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hashing an array - howto

 P: n/a Hi, I need to hash arrays of integers (from the hash module). So, I have to derive from array and supply a __hash__ method. But how to hash an array (of fixed length, say 25)? What I need is a function which maps a tuple of 25 integers into 1 integer with good hashing properties. Does anybody know such a thing? Many thanks for a hint, Helmut Jarausch Lehrstuhl fuer Numerische Mathematik RWTH - Aachen University D 52056 Aachen, Germany Sep 5 '08 #1
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 P: n/a Helmut Jarausch wrote: I need to hash arrays of integers (from the hash module). So, I have to derive from array and supply a __hash__ method. But how to hash an array (of fixed length, say 25)? What I need is a function which maps a tuple of 25 integers into 1 integer with good hashing properties. Does anybody know such a thing? Have you tried this already? def __hash__(self): return hash(self.tostring()) Peter Sep 5 '08 #2

 P: n/a Helmut Jarausch: I need to hash arrays of integers (from the hash module). One of the possible solutions is to hash the equivalent tuple, but it requires some memory (your sequence must not be tuples already): assert not isinstance(somelist, tuple) hash(tuple(somelist)) This is an alternative solution, it doesn't use much memory, but I am not sure it works correctly: from operator import xor hash(reduce(xor, somelist)) Bye, bearophile Sep 5 '08 #3

 P: n/a On Sep 5, 11:18 am, bearophileH...@lycos.com wrote: Helmut Jarausch: I need to hash arrays of integers (from the hash module). One of the possible solutions is to hash the equivalent tuple, but it requires some memory (your sequence must not be tuples already): why can't it be tuple already? Doesn't matter: >>from numpy import arangea=arange(5)a array([0, 1, 2, 3, 4]) >>hash(a) Traceback (most recent call last): File "", line 1, in ? TypeError: unhashable type >>b=tuple(a)b (0, 1, 2, 3, 4) >>c=tuple(b)c (0, 1, 2, 3, 4) >>hash(c) 1286958229 you can discard the tuple, so the memory requirement is transient. Sep 5 '08 #4

 P: n/a Michael Palmer: why can't it be tuple already? Because if the input list L has tuples and lists, they end having the same hash value: >>L = [[1,2,3], (1,2,3)]hash(tuple(L[0])), hash(tuple(L[1])) (-378539185, -378539185) But it's a not much common situation, and few hash collision pairs can't damage much, so I agree with you that my assert was useless. This may solve that problem anyway: hash(type(L)) ^ hash(tuple(L)) Generally a good hashing functions uses all the input information. If you use tuple() you ignore part of the input information, that is the type of L. So xor-ing hash(type(L)) you use that information too. you can discard the tuple, so the memory requirement is transient. Right, but there's lot of GC action, it may slow down the code. So you can start using hash(tuple(L)), but if later the code performance comes out bad, you may try a different version that creates less intermediate garbage. Bye, bearophile Sep 5 '08 #5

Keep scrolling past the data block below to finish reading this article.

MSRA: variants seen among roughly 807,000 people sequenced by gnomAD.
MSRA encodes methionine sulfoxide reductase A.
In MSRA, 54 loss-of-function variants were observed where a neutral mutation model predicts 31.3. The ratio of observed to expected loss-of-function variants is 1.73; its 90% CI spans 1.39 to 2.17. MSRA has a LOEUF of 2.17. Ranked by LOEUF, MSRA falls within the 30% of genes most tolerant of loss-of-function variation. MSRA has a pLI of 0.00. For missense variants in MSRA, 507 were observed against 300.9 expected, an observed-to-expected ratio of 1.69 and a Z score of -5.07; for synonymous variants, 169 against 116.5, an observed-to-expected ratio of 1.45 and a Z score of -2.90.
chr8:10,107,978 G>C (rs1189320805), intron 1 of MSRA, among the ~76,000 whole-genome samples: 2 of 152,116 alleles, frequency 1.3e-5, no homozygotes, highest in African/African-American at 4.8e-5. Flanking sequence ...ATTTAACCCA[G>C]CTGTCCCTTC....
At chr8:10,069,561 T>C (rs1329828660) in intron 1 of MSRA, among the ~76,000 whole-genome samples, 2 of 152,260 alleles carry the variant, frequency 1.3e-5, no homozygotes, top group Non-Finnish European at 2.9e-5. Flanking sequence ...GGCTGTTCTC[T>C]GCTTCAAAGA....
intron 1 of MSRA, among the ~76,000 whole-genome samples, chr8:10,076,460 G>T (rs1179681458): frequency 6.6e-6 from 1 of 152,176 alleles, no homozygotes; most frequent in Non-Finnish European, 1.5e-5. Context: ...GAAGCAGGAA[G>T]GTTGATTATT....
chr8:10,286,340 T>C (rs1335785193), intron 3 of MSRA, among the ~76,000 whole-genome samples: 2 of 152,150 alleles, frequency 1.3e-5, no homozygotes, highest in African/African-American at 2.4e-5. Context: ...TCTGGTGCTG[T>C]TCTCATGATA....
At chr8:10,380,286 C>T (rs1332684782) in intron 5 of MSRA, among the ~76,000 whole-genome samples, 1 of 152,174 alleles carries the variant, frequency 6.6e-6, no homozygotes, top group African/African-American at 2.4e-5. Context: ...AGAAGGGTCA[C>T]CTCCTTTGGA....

P: n/a John Machin: Consider this:>>hash(123) == hash(123.0) == hash(123L) True Right... Can you explain me why Python designers have chosen to build a hash() like that? Try "uses all the information that is relevant to the task". My knowledge of hash data structures seems not enough to understand why. Your alternative solution using reduce and xor may have suboptimal characteristics ... Right, sorry. Bye, bearophile Sep 5 '08 #6

 P: n/a On Sep 6, 7:49*am, bearophileH...@lycos.com wrote: John Machin: Consider this:>>hash(123) == hash(123.0) == hash(123L) True Right... Can you explain me why Python designers have chosen to build a hash() like that? I can't channel them; my rationalisation is this: Following the Law of Least Astonishment, >123 == 123.0 == 123L True Consequently if x == y, then adict[x] and adict[y] should give the same result. Cheers, John Sep 5 '08 #7

 P: n/a On Sep 6, 9:30*am, John Machin >hash(123) == hash(123.0) == hash(123L) True Right... Can you explain me why Python designers have chosen to build a hash() like that? I can't channel them; my rationalisation is this: Following the Law of Least Astonishment,>123 == 123.0 == 123L True Consequently if x == y, then adict[x] and adict[y] should give the same result. Another reason for not folding in the type of the object is this: >>type([]) >>hash(type([])) 505252536 >>id(type([])) 505252536 IOW hash(T) == id(T) where T is a type. id(obj) is just a memory address which can vary between executions of the same Python binary on the same machine ... not very reproducible. There is no guarantee in the docs for hash about under what circumstances hash(x) != hash(x) of course; I'm just relying on the least astonishment law again :-) And, again, we don't know what the OP's full requirements are ... Sep 6 '08 #8

 P: n/a On Sep 5, 9:38*am, Helmut Jarausch

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